The ubiquity of digital gadgets and sensors, the pervasiveness of networks and the benefits of sharing very personal information through social media have led some to argue that privacy as a social norm is changing and becoming an outmoded concept. In a seven-part series Don Tapscott questions this view arguing that we each need a personal privacy strategy. This post is Part Six of that series. For previous articles go here.
George Orwell's iconic text Nineteen Eighty Four described the dystopian society where a totalitarian state rules in its own interests and everyone is under constant surveillance by authorities. "Big Brother is watching you" became the rallying call for privacy advocates around the world.
Today Orwell's "telescreens" have been replaced by ubiquitous, ambient networked computing where billions and soon trillions of devices connected to networks collect real-time data. True, in the developed world governments are not totalitarian, but many advocates of personal "openness" are naïve -- assuming that governments are benevolent and will act in the interests of their citizens.
Fascism, Stalinism, McCarthyism, and the myriad repressive and totalitarian states of the last decades and today should remind us that our personal data can be used against us. Listen to Pete Seeger's "Knock on the Door" ("here they come to take one more") for a reminder. And today in the name of national security, governments are collecting real time information from us, sampling phone calls, emails, social networks, and taking our biometrics at airports and a growing list of other places.
I was reminded of the dangers recently when meeting Ron Deibert, Director of the Citizen Lab that monitors and fights against government attempts to use the Internet against its citizens. The meeting was cut short because he had a situation to deal with. The Syrian Government had created a "phantom Facebook" and was using that to harvest names and personal data of dissidents, presumably so that they could hunt them down and kill them.
"But this could never happen here" you say? We actually have very little idea exactly what governments are doing with the flood of personal information about us. And the aftermath of 9/11 should remind us just how quickly our civil liberties can be undermined in the name of national security. Everywhere in democratic societies governments are campaigning to intrude into our private lives to collect more information. In the UK the "Intercept Modernisation Plan" would permit authorities to intercept every form of online communication, all in aid of vague goals of fighting crime.
Recently the New York Times reported that "Law enforcement tracking of cellphones, once the province mainly of federal agents, has become a powerful and widely used surveillance tool for local police officials, with hundreds of departments, large and small, often using it aggressively with little or no court oversight."
The Times reports that this practice has become big business for cellphone companies, too, as carriers market a catalog of "surveillance fees" to police departments to determine a suspect's location, trace phone calls and texts or provide other services.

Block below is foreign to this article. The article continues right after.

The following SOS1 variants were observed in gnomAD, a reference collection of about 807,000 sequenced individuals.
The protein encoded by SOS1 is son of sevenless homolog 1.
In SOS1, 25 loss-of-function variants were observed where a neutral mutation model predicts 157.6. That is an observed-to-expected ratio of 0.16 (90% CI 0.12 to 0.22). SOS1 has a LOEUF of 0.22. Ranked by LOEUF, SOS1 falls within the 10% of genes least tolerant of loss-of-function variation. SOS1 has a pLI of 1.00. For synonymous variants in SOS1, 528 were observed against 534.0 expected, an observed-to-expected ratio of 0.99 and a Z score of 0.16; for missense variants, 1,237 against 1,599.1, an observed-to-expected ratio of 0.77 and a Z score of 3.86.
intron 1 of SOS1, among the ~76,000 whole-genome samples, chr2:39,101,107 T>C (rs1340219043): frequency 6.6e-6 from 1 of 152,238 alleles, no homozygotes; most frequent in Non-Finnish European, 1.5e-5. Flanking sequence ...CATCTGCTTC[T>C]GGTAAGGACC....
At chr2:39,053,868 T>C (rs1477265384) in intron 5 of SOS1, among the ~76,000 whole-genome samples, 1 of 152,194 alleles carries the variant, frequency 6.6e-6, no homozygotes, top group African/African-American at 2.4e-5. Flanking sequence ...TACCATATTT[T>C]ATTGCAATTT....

Sure, you could argue that it's becoming difficult to restrict the information that governments can collect and yes of course we need to be vigilant about how that information should be used. But we still need to resist attempts of governments to collect unnecessary information. We still need to fight for the basic privacy principle of "data minimization" -- of limiting the information collected to clearly definable and socially helpful purposes.
There should be no tapping of phones or anything else without due process. If a government agency proposes to set up video camera in your neighborhood, you need to decide if the benefits of possible crime reduction outweigh the possible dangers of unknown governments being able to watch you constantly.
Or increasingly, governments want to collect biometrics information about you -- like fingerprints, retinal scans and even DNA. We each need to make choices. Sometimes this benefits you with better government services or faster movement through airports. But what are the long term implications should a government agency or individual become malevolent? The average person must be cautious and vigilant and even resist the collection of unnecessary personal information.
To me, it's not so likely the future will not look like Orwell's 1984 or Jeremy Bentham's panopticon prison, or an east bloc police state during the Cold War. Those are metaphors from another era that depended upon a single, all-knowing malevolent power seeking control. The more appropriate metaphor for the growing loss of privacy today is found in Frank Kafka's The Trial where the central character awaits trial and judgment from an inscrutable bureaucracy for a crime that he is not told about, using evidence that is never revealed to him, in a process that is equally random and inscrutable. In likewise manner, we, too will be judged and sentenced in our absentia by unknown public and private bureaucracies having access to our personal data. We will be the targets of social engineering, decisions and discrimination and we will never really know what or why.
If history is any guide, advances in privacy have tended to arise in the wake of widespread privacy abuses, for example, the negative effects of mass printing presses, the emergence of the fascist state, the abuses of credit reporting companies in the 1960s. Something similar may be happening today with data breaches and identity theft "in the cloud," as more and more people come to understand the pain and consequences of personal data misuse.
Next up: "Corporate Secrecy and Personal Privacy are Opposites"
Don Tapscott is the author of 14 books about technology in business and society, most recently with Anthony D. Williams "Macrowikinomics." He discusses these ideas on twitter @dtapscott